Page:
Party People: Haiku Hands

Interview Party People: Haiku Hands

Having wowed the dance scene for several years, Haiku Hands are ready to unleash their self-titled debut on the world. Just when we all need a bit of a mood boost, they couldn’t have timed it better.

Social distancing at gigs might be a thoroughly new thing, but some musicians have more equipment in their arsenal to deal with it than most. And if you thought The Flaming Lips’ big inflatable hamster balls could prove a genius move, then Australia’s Haiku Hands are hot on their heels. “You know, on our first gig we wore fat suits,” Mie Nakazawa laughs. “Let’s bring them back!” Claire Nakazawa beams, backed up immediately by third corner of the triangle, Bea Lewis: “Yeah, and all the audience have to wear them as well to stay far away from each other! Wait, are you going to put this in the interview? Because we should copyright it…”

Fat suits or no fat suits, the Aussie three-piece have been making inroads in the dance world for several years now - known for their high-octane live sets and infectious, synchronised moves. “Our first dance actually came from wearing those fat suits and we were bopping at the same time as the fat suit went the opposite way,” Mie giggles. “I don’t know why we did it. I think we just thought ‘That might be fun?!’”.

First forming when Bea saw Claire playing at a festival, the pair were introduced by a mutual musical friend before Mie (Claire’s sister) completed the trio. Releasing their first track ‘Not About You’ back in 2017 - a pulsating, club-ready anthem with scream-worthy lyrics (“I’m going to tear up the lexicon with a hexagon and my sexy thong on”) - it’s been pretty non-stop for the girl gang ever since then. “It all happened so quickly!” Mie emphasises. “When I joined, Claire and Bea had been writing a little bit, but as soon as we started performing we gigged so much that there wasn’t really a chance to keep on writing music. The last three years have been very full on.”

Now, having finally found time to return to the studio, their long-awaited, self-titled debut is set to encapsulate all the fun from those hedonistic live shows. “When we started it was all playful and experimental; we were just seeing what was possible with our voices and it was just this very open minded approach that we had, very low pressure,” Claire details. “I think fortunately we wrote the majority of the songs on the album in that headspace: that’s why they’re playful and silly and experimental, because we were just literally experimenting.”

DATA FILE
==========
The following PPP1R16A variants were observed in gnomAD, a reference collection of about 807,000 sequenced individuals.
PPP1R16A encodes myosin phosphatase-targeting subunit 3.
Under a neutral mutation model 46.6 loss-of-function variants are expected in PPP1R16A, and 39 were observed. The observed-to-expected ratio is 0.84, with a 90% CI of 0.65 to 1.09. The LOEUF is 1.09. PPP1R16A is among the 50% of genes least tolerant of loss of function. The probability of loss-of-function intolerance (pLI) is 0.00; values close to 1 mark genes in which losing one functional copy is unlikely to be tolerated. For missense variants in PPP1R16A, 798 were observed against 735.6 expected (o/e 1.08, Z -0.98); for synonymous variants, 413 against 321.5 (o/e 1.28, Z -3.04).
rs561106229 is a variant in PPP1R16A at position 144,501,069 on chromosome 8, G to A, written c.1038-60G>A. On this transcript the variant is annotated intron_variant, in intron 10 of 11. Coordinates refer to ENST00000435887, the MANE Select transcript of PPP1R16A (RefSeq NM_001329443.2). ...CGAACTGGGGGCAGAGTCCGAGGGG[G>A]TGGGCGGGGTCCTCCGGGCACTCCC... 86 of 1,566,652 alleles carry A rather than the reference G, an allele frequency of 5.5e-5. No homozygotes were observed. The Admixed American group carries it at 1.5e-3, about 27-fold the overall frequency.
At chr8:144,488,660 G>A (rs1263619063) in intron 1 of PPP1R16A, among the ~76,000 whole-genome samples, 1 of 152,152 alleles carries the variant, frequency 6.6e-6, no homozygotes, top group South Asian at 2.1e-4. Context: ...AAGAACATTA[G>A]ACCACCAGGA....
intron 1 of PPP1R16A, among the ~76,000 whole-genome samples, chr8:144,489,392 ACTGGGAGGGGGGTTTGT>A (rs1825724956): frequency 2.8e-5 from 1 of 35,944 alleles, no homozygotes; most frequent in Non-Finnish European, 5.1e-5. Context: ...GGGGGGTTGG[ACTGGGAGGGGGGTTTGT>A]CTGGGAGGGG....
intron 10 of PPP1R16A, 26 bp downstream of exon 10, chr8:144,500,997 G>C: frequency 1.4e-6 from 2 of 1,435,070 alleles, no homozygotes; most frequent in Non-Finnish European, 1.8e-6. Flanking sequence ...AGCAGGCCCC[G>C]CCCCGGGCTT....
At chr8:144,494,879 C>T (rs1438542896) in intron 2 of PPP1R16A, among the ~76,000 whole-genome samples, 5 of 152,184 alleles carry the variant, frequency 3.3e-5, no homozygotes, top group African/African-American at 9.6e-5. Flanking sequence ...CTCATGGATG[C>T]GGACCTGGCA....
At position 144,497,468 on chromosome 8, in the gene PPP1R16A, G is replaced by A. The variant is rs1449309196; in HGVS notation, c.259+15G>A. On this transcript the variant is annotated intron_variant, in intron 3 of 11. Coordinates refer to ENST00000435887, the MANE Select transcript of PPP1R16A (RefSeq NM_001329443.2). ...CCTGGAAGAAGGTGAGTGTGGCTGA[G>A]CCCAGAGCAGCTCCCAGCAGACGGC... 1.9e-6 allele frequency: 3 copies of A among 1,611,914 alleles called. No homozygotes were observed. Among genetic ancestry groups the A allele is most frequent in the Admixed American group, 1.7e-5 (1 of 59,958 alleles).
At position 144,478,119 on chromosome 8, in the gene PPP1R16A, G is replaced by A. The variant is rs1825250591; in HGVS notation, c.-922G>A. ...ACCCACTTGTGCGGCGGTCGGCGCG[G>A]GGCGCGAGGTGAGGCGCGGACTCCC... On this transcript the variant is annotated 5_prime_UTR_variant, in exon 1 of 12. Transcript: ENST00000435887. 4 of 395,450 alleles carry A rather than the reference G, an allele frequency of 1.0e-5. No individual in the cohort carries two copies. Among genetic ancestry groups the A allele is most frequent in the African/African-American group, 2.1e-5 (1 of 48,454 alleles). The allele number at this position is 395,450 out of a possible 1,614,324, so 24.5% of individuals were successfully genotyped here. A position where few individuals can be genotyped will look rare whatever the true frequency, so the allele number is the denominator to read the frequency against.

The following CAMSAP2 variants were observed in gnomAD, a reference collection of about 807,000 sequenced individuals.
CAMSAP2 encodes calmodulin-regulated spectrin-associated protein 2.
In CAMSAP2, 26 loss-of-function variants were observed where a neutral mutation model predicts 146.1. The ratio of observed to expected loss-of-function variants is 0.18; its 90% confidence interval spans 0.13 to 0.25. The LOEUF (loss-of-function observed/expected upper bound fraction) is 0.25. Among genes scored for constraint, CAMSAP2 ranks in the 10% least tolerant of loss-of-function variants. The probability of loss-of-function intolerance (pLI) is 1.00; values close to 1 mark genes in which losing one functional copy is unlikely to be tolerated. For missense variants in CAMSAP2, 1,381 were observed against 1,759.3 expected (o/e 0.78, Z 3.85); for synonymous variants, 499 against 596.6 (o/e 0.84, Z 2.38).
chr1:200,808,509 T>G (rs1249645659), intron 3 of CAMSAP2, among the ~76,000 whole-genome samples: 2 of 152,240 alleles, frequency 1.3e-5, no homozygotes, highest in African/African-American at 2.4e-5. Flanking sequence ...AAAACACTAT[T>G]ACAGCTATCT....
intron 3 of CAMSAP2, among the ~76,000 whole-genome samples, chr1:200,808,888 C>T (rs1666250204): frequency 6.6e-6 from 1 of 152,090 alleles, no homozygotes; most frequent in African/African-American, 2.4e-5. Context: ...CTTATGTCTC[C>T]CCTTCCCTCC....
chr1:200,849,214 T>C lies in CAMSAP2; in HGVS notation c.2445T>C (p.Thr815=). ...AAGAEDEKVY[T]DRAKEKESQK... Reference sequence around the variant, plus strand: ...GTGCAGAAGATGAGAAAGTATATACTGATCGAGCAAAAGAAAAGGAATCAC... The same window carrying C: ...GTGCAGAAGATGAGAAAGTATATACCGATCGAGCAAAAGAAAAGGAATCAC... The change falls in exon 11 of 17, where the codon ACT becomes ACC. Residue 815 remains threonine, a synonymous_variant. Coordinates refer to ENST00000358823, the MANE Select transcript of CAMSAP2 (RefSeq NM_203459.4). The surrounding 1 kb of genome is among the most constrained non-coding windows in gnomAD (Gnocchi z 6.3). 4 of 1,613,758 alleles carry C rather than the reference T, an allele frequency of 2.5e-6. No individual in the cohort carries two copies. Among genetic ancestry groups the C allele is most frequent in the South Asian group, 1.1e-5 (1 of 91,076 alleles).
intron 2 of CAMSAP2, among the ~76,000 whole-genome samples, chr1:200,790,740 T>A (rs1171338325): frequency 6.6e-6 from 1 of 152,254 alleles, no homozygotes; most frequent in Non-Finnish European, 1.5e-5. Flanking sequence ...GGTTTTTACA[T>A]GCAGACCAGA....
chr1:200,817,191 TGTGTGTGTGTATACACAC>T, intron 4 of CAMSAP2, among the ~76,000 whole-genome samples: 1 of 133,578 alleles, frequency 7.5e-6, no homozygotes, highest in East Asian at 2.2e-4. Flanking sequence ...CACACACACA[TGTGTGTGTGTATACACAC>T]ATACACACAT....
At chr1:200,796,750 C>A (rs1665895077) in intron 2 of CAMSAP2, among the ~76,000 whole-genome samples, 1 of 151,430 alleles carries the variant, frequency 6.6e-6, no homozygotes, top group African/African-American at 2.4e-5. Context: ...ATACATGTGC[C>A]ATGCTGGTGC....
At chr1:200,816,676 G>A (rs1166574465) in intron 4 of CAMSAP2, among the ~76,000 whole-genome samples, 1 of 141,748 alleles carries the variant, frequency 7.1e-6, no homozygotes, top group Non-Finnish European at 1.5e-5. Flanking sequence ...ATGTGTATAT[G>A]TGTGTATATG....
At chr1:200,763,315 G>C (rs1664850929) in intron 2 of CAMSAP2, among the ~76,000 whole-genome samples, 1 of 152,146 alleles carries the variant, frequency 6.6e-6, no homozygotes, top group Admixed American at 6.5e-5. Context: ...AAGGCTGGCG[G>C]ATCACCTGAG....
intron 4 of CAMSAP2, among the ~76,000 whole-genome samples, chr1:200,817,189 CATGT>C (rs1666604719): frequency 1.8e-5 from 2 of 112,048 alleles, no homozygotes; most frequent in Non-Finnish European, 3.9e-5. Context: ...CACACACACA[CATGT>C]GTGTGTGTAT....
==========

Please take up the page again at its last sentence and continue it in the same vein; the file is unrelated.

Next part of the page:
“I love bangers with intention; I think they’re important, particularly in today’s world.”

— Bea Lewis

Spanning their time as a band - ‘Not About You’ opens the album, while previous releases ‘Jupiter’ and ‘Onset’ also appear - the three are eager to show what other musical muscles they can flex too. “There’s quite a few more ballad-y type tracks which aren’t as raucous,” Claire says. “I wouldn’t say ballad-y, they’re not like Beyoncé ballads,” Bea counters. “I’d say more like ‘song’ songs - things that you can hopefully sing along to that we don’t include in our live set yet. It’s a bit more emotional; more feelings, rather than just high energy.”

Mie pinpoints ‘Car Crash’ as one of those tracks: a lighter-than-usual ode to friendship with a classic, catchy Haiku Hands chorus of “You’re fucking awesome!”. “My other favourite is ‘Eat This Bass’,” she continues. “I think it has a lot of guttural energy within it. All the songs are just so different! It’s going to be interesting hearing what people think about the album as a whole.” “They’re all kind of singles in a way,” Claire agrees, “and then they’re all just forced to hang out together. Hopefully the fact they’re all so eclectic will be the thing that unites them.”

Haiku Hands are also keen to stress how their debut is about more than just the dance-along tunes they might be pigeonholed as making at first glance. “We manage to pop serious themes in most of our songs, just in disguise,” Claire explains. “There are some songs on there which are exploring technology and surveillance, and then there’s other ones about friendship and conflict.”

“Yeah, I’d say that the bangers hold just as many important messages as the other tracks for sure,” Bea continues. “I feel like every track, to me, has a deeper message or a bigger thought behind it. There’s a lot of intention in all of them, which I really love. I love bangers with intention; I think they’re important, particularly in today’s world.”

But their overall aim for their debut? “I hope it makes people feel fucking amazing!” Bea smiles. “This year is so challenging for so many people on so many different levels, and I feel like music is a really good companion in so many ways. I would really like this to be a companion and an offering to people to make them feel strong and free, and help them get loose. There’s moments of reflection, moments of pelvic-thrusting joy, and something for everyone.” “People in lockdown still need fun, happy music!” Claire nods. And Haiku Hands are about to give us our much-needed happy music fix.

‘Haiku Hands’ is out 10th September via Mad Decent.

Tags: Haiku Hands, From The Magazine, Features, Interviews

As featured in the August 2020 issue of DIY, out now.

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